When you think of Paris, what’s the first thing that comes to mind? The Eiffel Tower? World-class art? High fashion? Or just a really expensive, out-of-reach vacation?
While the first three items are most certainly true, here are some tips for a splurge-worthy rendezvous in the City of Light without a hefty price tag.
One of the things I was most impressed with the first time I visited Paris was the city’s Museum Pass. With 2, 4 and 6 day options, free admission to more than 60 museums and monuments in and around Paris (pretty much everything except the Eiffel Tower) and the ability to skip the line at most sites, the pass is a great way to save both time AND money.
The Museum Pass easily pays for itself without feeling like you have to run a museum-going marathon to make it worth while (for example, admission to Versailles is 18 euros alone). On a recent trip, I opted for the 2 day option, visited 3 attractions each day and got more than my money’s worth. Just be sure to come up with a plan that clusters your must-see sites so that you aren’t jumping back-and-forth across the city.
You can buy the pass at participating museums and monuments as well as other locations throughout the city, in advance online or at the airports (my preference) where you can avoid lines all together.
If you’re arriving in Paris through one of the major airports, public transportation is a good option. Whereas most airport shuttle companies charge at least 20 euros per person, and taxis are upwards of 60 euros, a ticket on Paris’ RER line B to city is only 9.20 euro in comparison. Although, if you’re traveling in a large group, have a lot of luggage or prefer the convenience of being dropped off at the doorstep of your hotel, one of the other options may be better for you.
Once you’re in the city, many of Paris’ main attractions are within a manageable walking distance from one another (and possibly even your hotel), but the city’s metro/RER/bus network is an efficient and economical way to fill in the gaps. The best option here, especially if you don’t know how often you’ll require public transportation, is to purchase a carnet (pronounced kar-nay). This convenient little “10-pack” of tickets costs 12.50 euros (whereas a single ticket costs 1.70 euros), and can be purchased at any ticket window or automated vending machine. The tickets are “universal” in the sense that they can be used for the metro, RER or buses, so you can just stock-up and go.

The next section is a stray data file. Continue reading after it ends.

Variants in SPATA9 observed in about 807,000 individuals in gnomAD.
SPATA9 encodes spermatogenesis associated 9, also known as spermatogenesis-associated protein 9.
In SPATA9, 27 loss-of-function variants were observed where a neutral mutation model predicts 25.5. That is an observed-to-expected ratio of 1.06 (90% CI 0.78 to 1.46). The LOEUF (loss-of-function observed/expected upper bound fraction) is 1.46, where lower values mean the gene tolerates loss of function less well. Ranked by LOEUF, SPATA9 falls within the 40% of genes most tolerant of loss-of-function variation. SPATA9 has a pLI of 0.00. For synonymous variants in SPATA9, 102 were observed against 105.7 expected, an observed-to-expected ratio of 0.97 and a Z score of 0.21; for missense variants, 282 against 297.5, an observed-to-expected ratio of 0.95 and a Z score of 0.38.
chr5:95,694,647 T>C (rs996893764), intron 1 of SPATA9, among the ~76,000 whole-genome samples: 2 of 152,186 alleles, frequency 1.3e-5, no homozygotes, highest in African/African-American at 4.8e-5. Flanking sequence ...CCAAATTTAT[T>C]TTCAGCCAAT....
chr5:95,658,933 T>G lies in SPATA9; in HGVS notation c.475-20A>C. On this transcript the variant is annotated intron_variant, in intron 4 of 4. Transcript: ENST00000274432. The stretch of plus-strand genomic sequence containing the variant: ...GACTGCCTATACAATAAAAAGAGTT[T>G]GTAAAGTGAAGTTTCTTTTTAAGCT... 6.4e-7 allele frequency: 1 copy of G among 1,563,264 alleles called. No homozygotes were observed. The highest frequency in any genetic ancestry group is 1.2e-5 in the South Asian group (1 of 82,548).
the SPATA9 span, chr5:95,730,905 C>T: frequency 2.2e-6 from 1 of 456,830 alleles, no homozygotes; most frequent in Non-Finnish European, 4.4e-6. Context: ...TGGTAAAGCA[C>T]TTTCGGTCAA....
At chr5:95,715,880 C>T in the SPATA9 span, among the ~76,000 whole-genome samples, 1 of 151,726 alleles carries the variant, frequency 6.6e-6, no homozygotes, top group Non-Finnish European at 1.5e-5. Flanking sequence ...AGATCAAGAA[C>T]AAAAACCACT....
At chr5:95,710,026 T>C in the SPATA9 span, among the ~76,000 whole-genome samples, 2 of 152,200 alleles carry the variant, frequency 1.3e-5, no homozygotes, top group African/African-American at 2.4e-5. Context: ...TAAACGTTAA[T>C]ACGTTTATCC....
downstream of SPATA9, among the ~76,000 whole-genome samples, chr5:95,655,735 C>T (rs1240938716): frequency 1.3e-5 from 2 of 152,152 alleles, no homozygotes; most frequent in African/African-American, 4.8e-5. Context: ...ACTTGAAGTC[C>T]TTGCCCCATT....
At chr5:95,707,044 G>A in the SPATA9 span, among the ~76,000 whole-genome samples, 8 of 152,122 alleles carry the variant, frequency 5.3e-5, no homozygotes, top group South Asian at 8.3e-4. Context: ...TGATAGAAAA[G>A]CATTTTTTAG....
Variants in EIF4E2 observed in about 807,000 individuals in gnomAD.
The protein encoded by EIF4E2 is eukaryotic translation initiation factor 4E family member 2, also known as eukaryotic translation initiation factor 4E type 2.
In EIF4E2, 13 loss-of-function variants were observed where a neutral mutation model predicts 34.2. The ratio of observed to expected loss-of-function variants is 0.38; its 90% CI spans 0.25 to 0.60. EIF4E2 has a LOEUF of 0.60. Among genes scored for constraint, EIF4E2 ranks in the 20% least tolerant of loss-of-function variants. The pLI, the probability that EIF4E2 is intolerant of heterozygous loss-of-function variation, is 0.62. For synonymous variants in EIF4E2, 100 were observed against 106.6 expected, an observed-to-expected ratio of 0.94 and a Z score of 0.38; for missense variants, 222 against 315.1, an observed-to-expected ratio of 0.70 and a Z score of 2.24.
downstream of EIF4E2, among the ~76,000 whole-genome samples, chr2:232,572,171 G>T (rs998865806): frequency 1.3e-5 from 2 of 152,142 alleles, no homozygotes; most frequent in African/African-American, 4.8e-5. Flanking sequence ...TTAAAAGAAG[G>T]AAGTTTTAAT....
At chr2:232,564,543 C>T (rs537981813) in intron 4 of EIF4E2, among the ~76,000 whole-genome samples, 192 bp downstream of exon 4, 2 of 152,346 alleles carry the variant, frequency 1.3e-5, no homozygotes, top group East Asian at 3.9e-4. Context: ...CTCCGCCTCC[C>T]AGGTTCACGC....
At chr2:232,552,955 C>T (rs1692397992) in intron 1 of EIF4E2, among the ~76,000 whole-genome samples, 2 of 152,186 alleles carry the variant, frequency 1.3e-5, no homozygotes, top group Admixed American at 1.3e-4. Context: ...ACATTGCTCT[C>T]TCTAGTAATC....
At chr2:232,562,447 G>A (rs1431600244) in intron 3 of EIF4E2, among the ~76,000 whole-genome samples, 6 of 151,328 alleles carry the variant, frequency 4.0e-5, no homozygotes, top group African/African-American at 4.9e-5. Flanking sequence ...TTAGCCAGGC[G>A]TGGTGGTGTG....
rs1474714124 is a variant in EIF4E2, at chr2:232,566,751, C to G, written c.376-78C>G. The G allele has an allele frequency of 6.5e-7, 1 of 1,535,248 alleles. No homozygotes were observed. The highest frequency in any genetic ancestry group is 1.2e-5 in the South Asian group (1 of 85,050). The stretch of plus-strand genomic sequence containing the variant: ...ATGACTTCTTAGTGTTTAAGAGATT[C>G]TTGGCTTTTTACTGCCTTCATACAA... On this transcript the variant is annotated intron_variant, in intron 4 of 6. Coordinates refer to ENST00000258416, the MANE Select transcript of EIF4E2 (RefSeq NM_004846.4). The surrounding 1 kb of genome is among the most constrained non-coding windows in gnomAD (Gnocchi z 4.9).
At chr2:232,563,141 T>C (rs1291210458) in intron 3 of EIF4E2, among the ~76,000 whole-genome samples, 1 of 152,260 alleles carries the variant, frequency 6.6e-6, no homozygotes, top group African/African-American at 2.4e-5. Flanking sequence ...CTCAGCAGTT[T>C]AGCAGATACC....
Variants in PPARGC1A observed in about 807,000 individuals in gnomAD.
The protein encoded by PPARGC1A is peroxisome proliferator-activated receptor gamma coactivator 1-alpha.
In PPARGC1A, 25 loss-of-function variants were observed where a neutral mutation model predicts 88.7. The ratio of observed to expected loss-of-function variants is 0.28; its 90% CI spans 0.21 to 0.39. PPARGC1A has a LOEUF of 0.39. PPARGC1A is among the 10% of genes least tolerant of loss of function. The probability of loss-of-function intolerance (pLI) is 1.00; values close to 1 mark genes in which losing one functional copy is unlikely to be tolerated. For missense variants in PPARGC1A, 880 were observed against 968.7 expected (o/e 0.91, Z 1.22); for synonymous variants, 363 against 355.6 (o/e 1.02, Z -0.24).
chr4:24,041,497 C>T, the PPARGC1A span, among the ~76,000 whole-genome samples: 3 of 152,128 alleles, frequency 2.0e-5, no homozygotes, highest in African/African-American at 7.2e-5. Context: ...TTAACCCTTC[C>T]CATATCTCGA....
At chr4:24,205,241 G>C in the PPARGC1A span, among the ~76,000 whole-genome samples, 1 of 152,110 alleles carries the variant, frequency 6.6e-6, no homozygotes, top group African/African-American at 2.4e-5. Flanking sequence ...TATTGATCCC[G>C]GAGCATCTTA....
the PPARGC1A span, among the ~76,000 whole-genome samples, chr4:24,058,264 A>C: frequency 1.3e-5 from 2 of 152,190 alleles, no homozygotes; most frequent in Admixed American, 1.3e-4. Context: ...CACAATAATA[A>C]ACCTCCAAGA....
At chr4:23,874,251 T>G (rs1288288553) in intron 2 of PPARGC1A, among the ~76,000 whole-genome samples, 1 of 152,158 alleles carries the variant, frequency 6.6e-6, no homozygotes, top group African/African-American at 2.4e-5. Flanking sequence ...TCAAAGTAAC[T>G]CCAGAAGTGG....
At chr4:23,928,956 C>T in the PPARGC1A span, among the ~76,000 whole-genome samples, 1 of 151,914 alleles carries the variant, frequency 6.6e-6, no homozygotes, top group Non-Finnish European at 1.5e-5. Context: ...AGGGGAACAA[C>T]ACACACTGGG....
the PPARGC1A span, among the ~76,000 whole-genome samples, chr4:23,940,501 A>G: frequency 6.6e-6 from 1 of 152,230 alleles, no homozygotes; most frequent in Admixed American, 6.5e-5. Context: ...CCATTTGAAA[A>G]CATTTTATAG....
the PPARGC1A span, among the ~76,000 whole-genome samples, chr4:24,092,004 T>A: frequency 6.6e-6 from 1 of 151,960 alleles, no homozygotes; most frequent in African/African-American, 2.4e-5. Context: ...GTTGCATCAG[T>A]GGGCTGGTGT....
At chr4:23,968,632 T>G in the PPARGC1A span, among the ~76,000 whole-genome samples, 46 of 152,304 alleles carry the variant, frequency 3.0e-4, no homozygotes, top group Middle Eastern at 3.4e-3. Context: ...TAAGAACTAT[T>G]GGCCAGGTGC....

There are other transportation passes out there, but they don’t always prove to be cost-effective. You can learn more about Paris’ public transportation network here. There’s also a super handy and free smartphone app to help you navigate the network.
Let’s face it, you have to eat so one of the best ways to save some money is to eat like a local. For breakfast, avoid your hotel and touristy sit-down restaurants and instead sink into one of Paris’ trademark cafes. Order a coffee and a pastry (they are all amazing, you can’t go wrong) and you’ll be on your way to feeling Parisian. For lunch or a mid-day snack, treat yourself to some of the city’s trademark street food, like a baguette sandwich or a sweet crepe with Nutella made right before your eyes (I could eat these all day). As an alternative, visit the local markets and shops to assemble the perfect picnic – a baguette, some cheese, fruit, pastries and of course, wine – and head to one of the many beautiful parks around the city for a laid-back lunch or early dinner.
When it comes to dinner, be a picky eater, but not in a 4-year-old “I won’t eat anything besides chicken fingers and fries” sort of way. There are so many amazing dining options in Paris, from traditional French cuisine to Asian fare, and most restaurants have the menu (la carte) posted outside, making it easy to find one that satisfies both your appetite and wallet.
With that, bon appetit and bon voyage!